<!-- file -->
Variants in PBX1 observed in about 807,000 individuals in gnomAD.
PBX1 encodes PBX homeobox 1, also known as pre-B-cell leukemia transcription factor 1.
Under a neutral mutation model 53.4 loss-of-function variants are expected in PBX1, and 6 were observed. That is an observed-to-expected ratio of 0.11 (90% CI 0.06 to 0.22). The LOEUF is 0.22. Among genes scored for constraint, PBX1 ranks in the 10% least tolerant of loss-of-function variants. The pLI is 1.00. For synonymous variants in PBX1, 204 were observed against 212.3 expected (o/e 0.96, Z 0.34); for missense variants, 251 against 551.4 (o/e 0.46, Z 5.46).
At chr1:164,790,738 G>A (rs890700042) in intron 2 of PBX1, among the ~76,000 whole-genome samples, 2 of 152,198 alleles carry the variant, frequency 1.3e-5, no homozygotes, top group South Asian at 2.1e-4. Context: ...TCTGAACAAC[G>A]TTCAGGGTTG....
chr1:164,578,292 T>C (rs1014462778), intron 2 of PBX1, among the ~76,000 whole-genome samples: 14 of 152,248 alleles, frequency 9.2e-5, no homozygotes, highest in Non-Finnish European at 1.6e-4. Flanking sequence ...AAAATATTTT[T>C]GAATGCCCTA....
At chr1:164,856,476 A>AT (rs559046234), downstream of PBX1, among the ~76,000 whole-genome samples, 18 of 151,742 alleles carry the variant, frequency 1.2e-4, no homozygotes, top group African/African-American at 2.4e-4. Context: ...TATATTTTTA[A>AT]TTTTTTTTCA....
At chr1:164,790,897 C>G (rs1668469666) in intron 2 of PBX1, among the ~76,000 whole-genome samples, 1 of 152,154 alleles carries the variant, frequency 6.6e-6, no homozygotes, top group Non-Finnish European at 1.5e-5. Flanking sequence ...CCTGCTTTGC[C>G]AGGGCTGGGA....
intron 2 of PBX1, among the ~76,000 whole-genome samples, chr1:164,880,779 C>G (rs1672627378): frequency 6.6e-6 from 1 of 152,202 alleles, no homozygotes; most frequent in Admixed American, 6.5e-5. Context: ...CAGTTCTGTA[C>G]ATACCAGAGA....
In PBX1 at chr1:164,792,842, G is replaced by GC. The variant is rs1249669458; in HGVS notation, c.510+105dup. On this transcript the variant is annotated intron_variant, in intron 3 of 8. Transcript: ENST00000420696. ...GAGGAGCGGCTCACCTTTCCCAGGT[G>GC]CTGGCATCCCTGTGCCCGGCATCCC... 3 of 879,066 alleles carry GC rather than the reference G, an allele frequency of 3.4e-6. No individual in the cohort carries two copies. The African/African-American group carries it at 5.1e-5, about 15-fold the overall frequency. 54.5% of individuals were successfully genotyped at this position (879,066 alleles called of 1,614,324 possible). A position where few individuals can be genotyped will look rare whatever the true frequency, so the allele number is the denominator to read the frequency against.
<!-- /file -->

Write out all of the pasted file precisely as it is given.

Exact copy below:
Variants in PBX1 observed in about 807,000 individuals in gnomAD.
PBX1 encodes PBX homeobox 1, also known as pre-B-cell leukemia transcription factor 1.
Under a neutral mutation model 53.4 loss-of-function variants are expected in PBX1, and 6 were observed. That is an observed-to-expected ratio of 0.11 (90% CI 0.06 to 0.22). The LOEUF is 0.22. Among genes scored for constraint, PBX1 ranks in the 10% least tolerant of loss-of-function variants. The pLI is 1.00. For synonymous variants in PBX1, 204 were observed against 212.3 expected (o/e 0.96, Z 0.34); for missense variants, 251 against 551.4 (o/e 0.46, Z 5.46).
At chr1:164,790,738 G>A (rs890700042) in intron 2 of PBX1, among the ~76,000 whole-genome samples, 2 of 152,198 alleles carry the variant, frequency 1.3e-5, no homozygotes, top group South Asian at 2.1e-4. Context: ...TCTGAACAAC[G>A]TTCAGGGTTG....
chr1:164,578,292 T>C (rs1014462778), intron 2 of PBX1, among the ~76,000 whole-genome samples: 14 of 152,248 alleles, frequency 9.2e-5, no homozygotes, highest in Non-Finnish European at 1.6e-4. Flanking sequence ...AAAATATTTT[T>C]GAATGCCCTA....
At chr1:164,856,476 A>AT (rs559046234), downstream of PBX1, among the ~76,000 whole-genome samples, 18 of 151,742 alleles carry the variant, frequency 1.2e-4, no homozygotes, top group African/African-American at 2.4e-4. Context: ...TATATTTTTA[A>AT]TTTTTTTTCA....
At chr1:164,790,897 C>G (rs1668469666) in intron 2 of PBX1, among the ~76,000 whole-genome samples, 1 of 152,154 alleles carries the variant, frequency 6.6e-6, no homozygotes, top group Non-Finnish European at 1.5e-5. Flanking sequence ...CCTGCTTTGC[C>G]AGGGCTGGGA....
intron 2 of PBX1, among the ~76,000 whole-genome samples, chr1:164,880,779 C>G (rs1672627378): frequency 6.6e-6 from 1 of 152,202 alleles, no homozygotes; most frequent in Admixed American, 6.5e-5. Context: ...CAGTTCTGTA[C>G]ATACCAGAGA....
In PBX1 at chr1:164,792,842, G is replaced by GC. The variant is rs1249669458; in HGVS notation, c.510+105dup. On this transcript the variant is annotated intron_variant, in intron 3 of 8. Transcript: ENST00000420696. ...GAGGAGCGGCTCACCTTTCCCAGGT[G>GC]CTGGCATCCCTGTGCCCGGCATCCC... 3 of 879,066 alleles carry GC rather than the reference G, an allele frequency of 3.4e-6. No individual in the cohort carries two copies. The African/African-American group carries it at 5.1e-5, about 15-fold the overall frequency. 54.5% of individuals were successfully genotyped at this position (879,066 alleles called of 1,614,324 possible). A position where few individuals can be genotyped will look rare whatever the true frequency, so the allele number is the denominator to read the frequency against.